"We are very pleased with the court's decision," said Bert Adams, Sr., President of the Yakutat Tlingit Tribe. "The Situk River watershed is the Tribe's lifeblood. For centuries, tribal members have depended on these waters and the area surrounding them for subsistence fishing and hunting. The area has been, and remains, an extremely important part of our culture and way of life. We are very concerned that this project will affect water quality and fish habitat." Mr. Adams explained.
The watershed is an exceptionally productive river system. It supports a variety of fish species, including five species of salmon, cutthroat trout, and Dolly Varden char. It also contains Alaska's largest steelhead trout runs, attracting anglers from around the world. The watershed represents over 70 percent of the base economy of Yakutat, supporting strong commercial and sport fishing industries. "Trench" roads in the watershed have diverted water from salmon streams and caused some portions of the streams to run dry. The court's decision requires the Forest Service to take a hard look at the impacts of building these roads and other impacts of the project.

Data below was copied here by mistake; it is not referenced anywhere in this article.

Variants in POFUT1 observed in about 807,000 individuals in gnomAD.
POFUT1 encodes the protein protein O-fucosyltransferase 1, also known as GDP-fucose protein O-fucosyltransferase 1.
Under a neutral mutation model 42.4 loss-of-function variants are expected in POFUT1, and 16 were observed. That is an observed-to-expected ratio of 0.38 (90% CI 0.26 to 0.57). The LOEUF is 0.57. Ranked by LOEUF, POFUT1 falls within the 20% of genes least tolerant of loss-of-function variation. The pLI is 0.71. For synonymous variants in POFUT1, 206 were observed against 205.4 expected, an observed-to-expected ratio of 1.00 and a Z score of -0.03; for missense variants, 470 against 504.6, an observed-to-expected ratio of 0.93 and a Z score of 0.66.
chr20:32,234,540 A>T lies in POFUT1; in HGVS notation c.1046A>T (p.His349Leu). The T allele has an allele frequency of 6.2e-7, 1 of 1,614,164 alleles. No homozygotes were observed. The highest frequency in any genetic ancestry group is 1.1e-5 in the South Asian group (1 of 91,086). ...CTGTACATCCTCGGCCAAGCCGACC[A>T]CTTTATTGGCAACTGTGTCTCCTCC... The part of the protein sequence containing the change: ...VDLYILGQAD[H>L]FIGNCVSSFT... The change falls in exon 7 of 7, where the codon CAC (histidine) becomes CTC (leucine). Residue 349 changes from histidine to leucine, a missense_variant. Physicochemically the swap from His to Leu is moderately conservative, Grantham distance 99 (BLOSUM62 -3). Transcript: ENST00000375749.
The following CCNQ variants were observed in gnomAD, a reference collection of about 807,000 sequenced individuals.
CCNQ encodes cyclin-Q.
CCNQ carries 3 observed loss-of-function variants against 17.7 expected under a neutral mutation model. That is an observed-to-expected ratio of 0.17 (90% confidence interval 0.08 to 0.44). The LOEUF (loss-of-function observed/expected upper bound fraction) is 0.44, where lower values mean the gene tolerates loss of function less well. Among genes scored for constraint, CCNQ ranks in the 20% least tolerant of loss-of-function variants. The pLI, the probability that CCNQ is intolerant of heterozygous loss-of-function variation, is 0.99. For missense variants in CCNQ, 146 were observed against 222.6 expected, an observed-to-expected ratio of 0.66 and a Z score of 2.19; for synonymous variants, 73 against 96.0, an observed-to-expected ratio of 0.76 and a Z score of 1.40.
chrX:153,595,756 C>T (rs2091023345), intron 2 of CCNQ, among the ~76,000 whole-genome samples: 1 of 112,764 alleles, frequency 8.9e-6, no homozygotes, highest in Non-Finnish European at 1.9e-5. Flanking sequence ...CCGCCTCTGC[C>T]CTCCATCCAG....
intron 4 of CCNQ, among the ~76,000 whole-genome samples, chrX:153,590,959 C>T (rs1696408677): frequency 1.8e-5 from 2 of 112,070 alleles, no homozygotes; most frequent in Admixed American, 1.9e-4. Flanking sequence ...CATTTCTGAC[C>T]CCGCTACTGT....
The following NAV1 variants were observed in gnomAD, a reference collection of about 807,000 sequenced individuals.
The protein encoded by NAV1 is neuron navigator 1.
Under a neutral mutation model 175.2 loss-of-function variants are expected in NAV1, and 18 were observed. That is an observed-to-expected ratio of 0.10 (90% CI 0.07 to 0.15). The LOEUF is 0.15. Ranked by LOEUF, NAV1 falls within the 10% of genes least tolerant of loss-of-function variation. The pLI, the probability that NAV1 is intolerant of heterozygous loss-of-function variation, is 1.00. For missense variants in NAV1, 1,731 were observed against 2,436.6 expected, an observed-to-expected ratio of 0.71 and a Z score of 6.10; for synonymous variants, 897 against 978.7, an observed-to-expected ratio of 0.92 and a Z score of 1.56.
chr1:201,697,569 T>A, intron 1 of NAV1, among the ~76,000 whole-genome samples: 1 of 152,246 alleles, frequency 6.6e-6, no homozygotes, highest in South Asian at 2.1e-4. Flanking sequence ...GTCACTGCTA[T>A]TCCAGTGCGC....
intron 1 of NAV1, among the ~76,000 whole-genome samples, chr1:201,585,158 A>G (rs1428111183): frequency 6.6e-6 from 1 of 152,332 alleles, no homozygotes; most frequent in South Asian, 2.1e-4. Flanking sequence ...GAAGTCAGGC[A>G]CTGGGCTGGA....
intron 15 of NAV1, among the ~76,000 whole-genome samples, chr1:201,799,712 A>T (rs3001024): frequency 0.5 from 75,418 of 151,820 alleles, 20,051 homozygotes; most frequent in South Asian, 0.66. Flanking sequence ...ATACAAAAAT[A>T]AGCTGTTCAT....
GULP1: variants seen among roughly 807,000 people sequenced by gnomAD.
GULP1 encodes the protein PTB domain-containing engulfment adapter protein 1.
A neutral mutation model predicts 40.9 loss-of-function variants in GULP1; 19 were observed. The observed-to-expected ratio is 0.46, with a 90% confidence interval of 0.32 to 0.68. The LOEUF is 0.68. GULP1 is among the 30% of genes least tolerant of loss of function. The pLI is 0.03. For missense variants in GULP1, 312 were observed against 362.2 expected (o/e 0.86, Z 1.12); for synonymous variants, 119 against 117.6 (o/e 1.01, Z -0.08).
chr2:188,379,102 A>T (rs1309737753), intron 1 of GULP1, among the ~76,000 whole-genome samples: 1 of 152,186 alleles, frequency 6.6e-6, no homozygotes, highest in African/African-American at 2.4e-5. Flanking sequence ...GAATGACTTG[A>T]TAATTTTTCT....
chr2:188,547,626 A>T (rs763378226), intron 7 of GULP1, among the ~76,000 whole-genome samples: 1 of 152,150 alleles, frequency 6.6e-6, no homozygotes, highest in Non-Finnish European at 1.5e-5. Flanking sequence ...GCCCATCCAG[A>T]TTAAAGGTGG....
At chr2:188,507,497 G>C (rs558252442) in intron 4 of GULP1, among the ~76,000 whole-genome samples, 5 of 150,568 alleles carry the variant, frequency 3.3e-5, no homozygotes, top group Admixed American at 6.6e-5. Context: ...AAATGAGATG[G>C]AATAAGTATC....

"The court correctly concluded that the Forest Service cannot sweep important issues under the rug," said Demian Schane, an attorney with Earthjustice, the law firm that represented the Tribe. "The inexpensive 'trench' roads the Forest Service authorized here threaten water quality, stream flow, and ultimately the salmon that are the lifeblood of the region."